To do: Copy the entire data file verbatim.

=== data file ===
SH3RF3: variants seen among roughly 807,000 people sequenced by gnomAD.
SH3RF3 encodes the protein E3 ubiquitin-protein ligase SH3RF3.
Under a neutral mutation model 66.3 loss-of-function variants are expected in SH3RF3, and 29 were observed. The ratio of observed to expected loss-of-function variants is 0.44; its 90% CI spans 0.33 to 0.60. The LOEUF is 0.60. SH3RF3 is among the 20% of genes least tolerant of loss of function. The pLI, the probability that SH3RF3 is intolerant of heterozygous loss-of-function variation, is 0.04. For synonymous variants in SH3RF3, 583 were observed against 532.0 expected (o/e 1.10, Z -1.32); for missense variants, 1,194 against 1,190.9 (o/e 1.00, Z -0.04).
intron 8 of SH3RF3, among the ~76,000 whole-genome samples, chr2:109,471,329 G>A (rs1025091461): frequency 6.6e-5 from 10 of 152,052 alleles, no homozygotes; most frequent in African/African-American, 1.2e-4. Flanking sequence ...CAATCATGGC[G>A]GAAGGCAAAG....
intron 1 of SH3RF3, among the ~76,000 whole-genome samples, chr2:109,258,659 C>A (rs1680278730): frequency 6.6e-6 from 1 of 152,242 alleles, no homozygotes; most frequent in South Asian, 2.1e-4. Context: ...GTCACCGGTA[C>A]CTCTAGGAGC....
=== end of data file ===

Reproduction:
SH3RF3: variants seen among roughly 807,000 people sequenced by gnomAD.
SH3RF3 encodes the protein E3 ubiquitin-protein ligase SH3RF3.
Under a neutral mutation model 66.3 loss-of-function variants are expected in SH3RF3, and 29 were observed. The ratio of observed to expected loss-of-function variants is 0.44; its 90% CI spans 0.33 to 0.60. The LOEUF is 0.60. SH3RF3 is among the 20% of genes least tolerant of loss of function. The pLI, the probability that SH3RF3 is intolerant of heterozygous loss-of-function variation, is 0.04. For synonymous variants in SH3RF3, 583 were observed against 532.0 expected (o/e 1.10, Z -1.32); for missense variants, 1,194 against 1,190.9 (o/e 1.00, Z -0.04).
intron 8 of SH3RF3, among the ~76,000 whole-genome samples, chr2:109,471,329 G>A (rs1025091461): frequency 6.6e-5 from 10 of 152,052 alleles, no homozygotes; most frequent in African/African-American, 1.2e-4. Flanking sequence ...CAATCATGGC[G>A]GAAGGCAAAG....
intron 1 of SH3RF3, among the ~76,000 whole-genome samples, chr2:109,258,659 C>A (rs1680278730): frequency 6.6e-6 from 1 of 152,242 alleles, no homozygotes; most frequent in South Asian, 2.1e-4. Context: ...GTCACCGGTA[C>A]CTCTAGGAGC....